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Then and Now
The Battle of Rhode Island
Terry D'Amato Spencer

In August 1788 Rhode Island was the setting for one of the major land battles of the Revolutionary War. The Marquis de Lafayette, in writing of this encounter, termed it "the best fought action of the war."

The immediate goal of the Continental Army at this time was to drive the British from Newport. George Washington hoped that a victory in Rhode Island might possibly result in an ending of hostilities. This battle was to accomplish neither of these goals, but it did prove that the American army could adapt to adverse conditions and hold its own against highly trained professional soldiers.

This battle on Aquidneck Island was the scene of fierce hand-to-hand combat, bravery and sacrifice as well as international misunderstanding, petty jealousies and violent eruptions of nature.

The "battle" was the long-awaited result of the attempt to free Rhode Island from British occupation. The British had overwhelmed Newport in December 1776. They came into Narragansett Bay with a large fleet of 75 ships, which included seven warships, four frigates and a large number of transports. Within a short time, four to six thousand British troops took control of the island, martial law was declared, and Newport was in the hands of the enemy. The once prosperous candle factories, distilleries and ropewalks were closed. Skilled craftsmen no longer had a market for their wares. Nearly half the population fled from Newport to the safer areas of Providence and Coventry. Rhode Island experienced, firsthand, the terrible consequences of war.

Early in 1777, the General Assembly begged Congress to send an army large enough to drive the British out. British control of Newport, they argued, jeopardized the entire northern seacoast and brought trade to an all-time low. George Washington and the Continental Congress sympathized with Rhode Island's dilemma but felt that all early efforts had to be concentrated on the New York area and no troops could be spared for Rhode Island until later.

The first attempt to free Rhode Island came in October 1777, when an army of about 8,000 men was assembled under General Spencer of Connecticut. When a severe storm arose making it difficult to cross the Seaconnet River, Spencer postponed the attack for three days. When he again postponed the advance because of a change in British defensive positions, many of his troops deserted, feeling that "Granny" Spencer was too timid to attack and lost confidence in the expedition.

When Spencer was finally ready on Oct. 26, l777, he had less than 5,000 men left under his command. When news reached Rhode Island of the great American victory at Saratoga, Spencer completely abandoned the idea of an attack on Newport. The General Assembly was furious. Those historians who defend Spencer claim that his actions were merely part of the overall plan of Greene and Washington. Spencer, they say, was to keep the British in Newport so they couldn't be sent to aid Burgoyne at Saratoga or Howe in New Jersey.

The victory at Saratoga persuaded the French to join the war on the American side. By the summer of 1778, General Washington was able to free enough troops to attempt another invasion of Newport. The army was to be commanded by General John Sullivan of Massachusetts. Two Continental divisions, one under Nathanael Greene and the other under the Marquis de Lafayette, were to accompany him. Lafayette's regulars included the celebrated brigades of John Varnum of Rhode Island and John Glover of Massachusetts.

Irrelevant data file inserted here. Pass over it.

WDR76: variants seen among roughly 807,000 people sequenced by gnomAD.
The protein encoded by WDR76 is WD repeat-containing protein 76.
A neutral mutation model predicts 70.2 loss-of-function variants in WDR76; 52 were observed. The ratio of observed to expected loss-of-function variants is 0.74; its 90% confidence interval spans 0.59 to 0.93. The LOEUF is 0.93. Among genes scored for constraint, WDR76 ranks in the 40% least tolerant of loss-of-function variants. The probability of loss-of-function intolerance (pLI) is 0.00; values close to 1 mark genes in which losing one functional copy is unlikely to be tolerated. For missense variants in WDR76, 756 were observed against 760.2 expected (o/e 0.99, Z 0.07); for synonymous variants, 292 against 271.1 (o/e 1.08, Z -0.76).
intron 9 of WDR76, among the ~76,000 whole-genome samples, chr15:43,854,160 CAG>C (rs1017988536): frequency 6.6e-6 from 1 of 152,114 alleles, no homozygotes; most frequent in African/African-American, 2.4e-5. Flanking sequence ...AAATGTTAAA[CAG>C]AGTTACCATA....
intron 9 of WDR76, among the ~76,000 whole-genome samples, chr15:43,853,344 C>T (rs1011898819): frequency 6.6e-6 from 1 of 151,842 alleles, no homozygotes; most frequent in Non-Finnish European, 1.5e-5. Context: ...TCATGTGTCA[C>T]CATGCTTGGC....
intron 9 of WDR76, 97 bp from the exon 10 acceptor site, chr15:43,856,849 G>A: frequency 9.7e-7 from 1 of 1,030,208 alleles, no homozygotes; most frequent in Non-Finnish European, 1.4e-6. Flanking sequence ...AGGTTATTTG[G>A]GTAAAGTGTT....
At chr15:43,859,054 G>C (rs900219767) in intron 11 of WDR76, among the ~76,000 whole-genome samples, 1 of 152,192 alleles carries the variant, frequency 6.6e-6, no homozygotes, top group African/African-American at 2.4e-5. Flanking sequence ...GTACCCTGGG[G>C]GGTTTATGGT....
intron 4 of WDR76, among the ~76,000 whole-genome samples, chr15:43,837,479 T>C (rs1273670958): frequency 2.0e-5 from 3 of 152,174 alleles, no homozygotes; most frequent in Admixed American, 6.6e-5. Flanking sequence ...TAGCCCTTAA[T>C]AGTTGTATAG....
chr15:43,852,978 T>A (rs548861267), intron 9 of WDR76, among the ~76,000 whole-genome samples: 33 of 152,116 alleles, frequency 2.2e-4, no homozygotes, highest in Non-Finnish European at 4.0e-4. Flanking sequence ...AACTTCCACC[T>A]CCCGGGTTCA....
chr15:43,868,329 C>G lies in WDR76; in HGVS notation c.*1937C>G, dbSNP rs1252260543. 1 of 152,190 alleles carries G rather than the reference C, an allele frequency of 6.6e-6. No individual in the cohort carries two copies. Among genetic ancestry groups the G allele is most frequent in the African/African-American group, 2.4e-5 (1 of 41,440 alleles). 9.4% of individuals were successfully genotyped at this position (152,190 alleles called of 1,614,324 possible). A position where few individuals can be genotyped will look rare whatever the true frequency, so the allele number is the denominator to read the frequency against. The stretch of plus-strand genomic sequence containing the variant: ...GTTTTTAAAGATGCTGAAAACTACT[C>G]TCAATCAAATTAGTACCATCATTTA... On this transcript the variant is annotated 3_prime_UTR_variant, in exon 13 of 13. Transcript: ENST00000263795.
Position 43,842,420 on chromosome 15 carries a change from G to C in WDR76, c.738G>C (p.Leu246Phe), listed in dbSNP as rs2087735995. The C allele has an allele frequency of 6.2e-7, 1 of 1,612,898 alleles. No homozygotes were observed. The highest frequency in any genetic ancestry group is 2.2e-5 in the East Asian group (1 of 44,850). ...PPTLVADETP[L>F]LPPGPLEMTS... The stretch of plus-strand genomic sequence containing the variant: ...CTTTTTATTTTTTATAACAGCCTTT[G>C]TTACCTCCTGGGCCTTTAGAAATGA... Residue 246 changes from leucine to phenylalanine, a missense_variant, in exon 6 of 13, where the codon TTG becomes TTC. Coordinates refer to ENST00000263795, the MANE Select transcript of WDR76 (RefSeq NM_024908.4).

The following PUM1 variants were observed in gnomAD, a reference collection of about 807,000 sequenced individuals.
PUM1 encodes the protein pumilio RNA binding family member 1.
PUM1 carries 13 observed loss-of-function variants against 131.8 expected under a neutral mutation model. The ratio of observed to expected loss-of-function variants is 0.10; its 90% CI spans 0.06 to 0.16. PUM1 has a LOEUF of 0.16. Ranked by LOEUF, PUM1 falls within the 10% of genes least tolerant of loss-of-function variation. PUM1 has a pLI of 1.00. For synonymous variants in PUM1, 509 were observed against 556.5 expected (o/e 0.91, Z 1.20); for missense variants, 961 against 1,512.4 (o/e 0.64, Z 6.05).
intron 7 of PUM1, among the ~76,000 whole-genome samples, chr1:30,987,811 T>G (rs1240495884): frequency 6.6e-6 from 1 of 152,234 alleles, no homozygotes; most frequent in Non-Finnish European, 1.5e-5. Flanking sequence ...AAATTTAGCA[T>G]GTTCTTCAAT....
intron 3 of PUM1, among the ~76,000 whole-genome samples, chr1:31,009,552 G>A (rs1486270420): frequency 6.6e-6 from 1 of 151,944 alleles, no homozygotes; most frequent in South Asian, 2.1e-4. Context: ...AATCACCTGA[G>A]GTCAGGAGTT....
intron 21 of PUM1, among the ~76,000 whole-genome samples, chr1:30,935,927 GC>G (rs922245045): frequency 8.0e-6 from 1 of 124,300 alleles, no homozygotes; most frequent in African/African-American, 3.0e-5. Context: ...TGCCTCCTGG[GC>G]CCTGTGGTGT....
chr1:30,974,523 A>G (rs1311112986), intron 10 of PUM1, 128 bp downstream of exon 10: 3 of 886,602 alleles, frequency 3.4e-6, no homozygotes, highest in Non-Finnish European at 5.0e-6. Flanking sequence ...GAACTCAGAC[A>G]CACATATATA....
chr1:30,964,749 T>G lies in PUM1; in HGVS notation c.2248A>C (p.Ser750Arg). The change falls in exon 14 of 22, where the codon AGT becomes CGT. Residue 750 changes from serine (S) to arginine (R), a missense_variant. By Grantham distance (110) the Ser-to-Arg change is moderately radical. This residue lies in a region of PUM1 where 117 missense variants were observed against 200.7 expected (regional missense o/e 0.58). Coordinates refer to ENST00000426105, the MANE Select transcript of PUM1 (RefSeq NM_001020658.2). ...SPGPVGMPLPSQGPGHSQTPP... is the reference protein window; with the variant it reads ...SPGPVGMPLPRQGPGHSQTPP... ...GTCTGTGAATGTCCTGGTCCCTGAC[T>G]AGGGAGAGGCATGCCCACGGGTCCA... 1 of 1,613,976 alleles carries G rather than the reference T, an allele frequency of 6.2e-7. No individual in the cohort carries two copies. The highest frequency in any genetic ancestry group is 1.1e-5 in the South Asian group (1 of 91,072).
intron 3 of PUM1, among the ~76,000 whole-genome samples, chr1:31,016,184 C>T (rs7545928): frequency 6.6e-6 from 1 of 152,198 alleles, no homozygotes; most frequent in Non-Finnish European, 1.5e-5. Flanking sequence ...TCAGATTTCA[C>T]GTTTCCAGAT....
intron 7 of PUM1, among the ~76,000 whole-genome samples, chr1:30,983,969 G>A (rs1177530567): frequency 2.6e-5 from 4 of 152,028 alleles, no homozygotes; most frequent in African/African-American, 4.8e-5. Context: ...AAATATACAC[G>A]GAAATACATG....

British raids on Warren and Bristol had so angered New England that Sullivan received excellent cooperation and more troops than he might otherwise have had. Troops from Massachusetts even included the famous Paul Revere and John Hancock, who had served as president of the Continental Congress.

On July 29, 1778 the French fleet under Count D'Estaing, with 12 warships, four frigates and number of transports, sailed into Narragansett Bay. The French marines landed and secured the island of Conanicut (Jamestown).

The overall strategy, as devised by General Greene, was excellent. Sullivan would take his 7,000 troops across the Seaconnet from Tiverton. The French from their warships would open fire on the British from the sea, and then invade Newport with 4,000 French marines that had assembled at Conanicut. The British General Pigot, with about 7,000 men, would be trapped, outnumbered and forced to surrender. Washington felt that this force would provide us with such an outstanding victory that the British would abandon their attempts to use force against the colonies.

Unfortunately, events did not proceed as planned. Misunderstanding and extremely bad weather combined against the Americans. D'Estaing felt that his major responsibility was to his own fleet and was a bit concerned over exactly what authority the Americans had over him. Precious time was lost before he and Sullivan agreed on August 10 as the date set for the attack. This gave General Pigot a chance to shift his troops and to prepare for the invasion.

On Aug. 9 Sullivan, impatient and irritated by the French delay, noted with alarm that Pigot was moving his forces and, without informing D'Estaing, began his attack. Eighty-six flatboats, built under the direction of Major Silas Talbot, ferried the men across. The landing was successful, but on the same day a large British fleet was sighted off Point Judith. D'Estaing, fearing that he would be bottled up in Narragansett Bay and become the laughing stock of both continents, gathered his troops from Conanicut and on Aug. l0 abandoned the plan to attack Newport. Instead he sailed out to meet the British fleet. On Aug. 11 both fleets went out to sea all day and began maneuvering for position.


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